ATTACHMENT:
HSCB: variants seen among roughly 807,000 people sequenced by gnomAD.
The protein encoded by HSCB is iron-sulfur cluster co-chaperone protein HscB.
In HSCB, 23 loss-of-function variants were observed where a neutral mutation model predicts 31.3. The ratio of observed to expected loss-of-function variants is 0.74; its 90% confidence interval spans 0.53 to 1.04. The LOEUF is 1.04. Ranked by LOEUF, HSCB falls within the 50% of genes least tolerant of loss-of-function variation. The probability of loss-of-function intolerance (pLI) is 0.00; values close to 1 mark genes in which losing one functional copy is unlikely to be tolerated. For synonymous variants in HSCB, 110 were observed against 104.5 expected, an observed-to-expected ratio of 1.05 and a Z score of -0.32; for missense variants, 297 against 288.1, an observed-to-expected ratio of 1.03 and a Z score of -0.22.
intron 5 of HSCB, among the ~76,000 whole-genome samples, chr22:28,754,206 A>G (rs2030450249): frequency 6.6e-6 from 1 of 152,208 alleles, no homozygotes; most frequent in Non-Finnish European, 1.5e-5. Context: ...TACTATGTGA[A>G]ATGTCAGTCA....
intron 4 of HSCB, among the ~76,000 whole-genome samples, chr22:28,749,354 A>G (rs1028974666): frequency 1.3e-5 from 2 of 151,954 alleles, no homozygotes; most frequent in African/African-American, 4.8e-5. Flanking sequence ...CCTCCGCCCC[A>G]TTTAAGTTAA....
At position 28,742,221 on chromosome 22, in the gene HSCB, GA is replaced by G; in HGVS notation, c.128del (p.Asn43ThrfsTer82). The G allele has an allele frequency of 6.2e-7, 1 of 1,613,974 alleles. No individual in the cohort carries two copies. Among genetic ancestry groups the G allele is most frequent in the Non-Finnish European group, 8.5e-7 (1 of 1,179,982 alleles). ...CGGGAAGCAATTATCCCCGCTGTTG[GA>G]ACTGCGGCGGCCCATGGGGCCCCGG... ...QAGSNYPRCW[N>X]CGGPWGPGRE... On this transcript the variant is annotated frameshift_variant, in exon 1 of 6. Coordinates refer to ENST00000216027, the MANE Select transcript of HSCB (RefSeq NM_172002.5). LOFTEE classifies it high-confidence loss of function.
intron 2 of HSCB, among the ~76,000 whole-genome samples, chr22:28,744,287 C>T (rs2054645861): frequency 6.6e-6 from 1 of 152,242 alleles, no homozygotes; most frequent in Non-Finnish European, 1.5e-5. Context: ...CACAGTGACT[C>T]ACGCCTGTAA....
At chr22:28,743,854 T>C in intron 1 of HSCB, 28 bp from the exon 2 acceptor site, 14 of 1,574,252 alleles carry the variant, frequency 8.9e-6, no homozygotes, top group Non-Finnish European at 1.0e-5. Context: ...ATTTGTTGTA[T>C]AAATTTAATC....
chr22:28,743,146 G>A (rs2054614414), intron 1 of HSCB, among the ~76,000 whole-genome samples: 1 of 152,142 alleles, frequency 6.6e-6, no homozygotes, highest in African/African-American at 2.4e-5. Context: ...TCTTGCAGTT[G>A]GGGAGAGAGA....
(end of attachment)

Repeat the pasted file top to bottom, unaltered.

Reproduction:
HSCB: variants seen among roughly 807,000 people sequenced by gnomAD.
The protein encoded by HSCB is iron-sulfur cluster co-chaperone protein HscB.
In HSCB, 23 loss-of-function variants were observed where a neutral mutation model predicts 31.3. The ratio of observed to expected loss-of-function variants is 0.74; its 90% confidence interval spans 0.53 to 1.04. The LOEUF is 1.04. Ranked by LOEUF, HSCB falls within the 50% of genes least tolerant of loss-of-function variation. The probability of loss-of-function intolerance (pLI) is 0.00; values close to 1 mark genes in which losing one functional copy is unlikely to be tolerated. For synonymous variants in HSCB, 110 were observed against 104.5 expected, an observed-to-expected ratio of 1.05 and a Z score of -0.32; for missense variants, 297 against 288.1, an observed-to-expected ratio of 1.03 and a Z score of -0.22.
intron 5 of HSCB, among the ~76,000 whole-genome samples, chr22:28,754,206 A>G (rs2030450249): frequency 6.6e-6 from 1 of 152,208 alleles, no homozygotes; most frequent in Non-Finnish European, 1.5e-5. Context: ...TACTATGTGA[A>G]ATGTCAGTCA....
intron 4 of HSCB, among the ~76,000 whole-genome samples, chr22:28,749,354 A>G (rs1028974666): frequency 1.3e-5 from 2 of 151,954 alleles, no homozygotes; most frequent in African/African-American, 4.8e-5. Flanking sequence ...CCTCCGCCCC[A>G]TTTAAGTTAA....
At position 28,742,221 on chromosome 22, in the gene HSCB, GA is replaced by G; in HGVS notation, c.128del (p.Asn43ThrfsTer82). The G allele has an allele frequency of 6.2e-7, 1 of 1,613,974 alleles. No individual in the cohort carries two copies. Among genetic ancestry groups the G allele is most frequent in the Non-Finnish European group, 8.5e-7 (1 of 1,179,982 alleles). ...CGGGAAGCAATTATCCCCGCTGTTG[GA>G]ACTGCGGCGGCCCATGGGGCCCCGG... ...QAGSNYPRCW[N>X]CGGPWGPGRE... On this transcript the variant is annotated frameshift_variant, in exon 1 of 6. Coordinates refer to ENST00000216027, the MANE Select transcript of HSCB (RefSeq NM_172002.5). LOFTEE classifies it high-confidence loss of function.
intron 2 of HSCB, among the ~76,000 whole-genome samples, chr22:28,744,287 C>T (rs2054645861): frequency 6.6e-6 from 1 of 152,242 alleles, no homozygotes; most frequent in Non-Finnish European, 1.5e-5. Context: ...CACAGTGACT[C>T]ACGCCTGTAA....
At chr22:28,743,854 T>C in intron 1 of HSCB, 28 bp from the exon 2 acceptor site, 14 of 1,574,252 alleles carry the variant, frequency 8.9e-6, no homozygotes, top group Non-Finnish European at 1.0e-5. Context: ...ATTTGTTGTA[T>C]AAATTTAATC....
chr22:28,743,146 G>A (rs2054614414), intron 1 of HSCB, among the ~76,000 whole-genome samples: 1 of 152,142 alleles, frequency 6.6e-6, no homozygotes, highest in African/African-American at 2.4e-5. Context: ...TCTTGCAGTT[G>A]GGGAGAGAGA....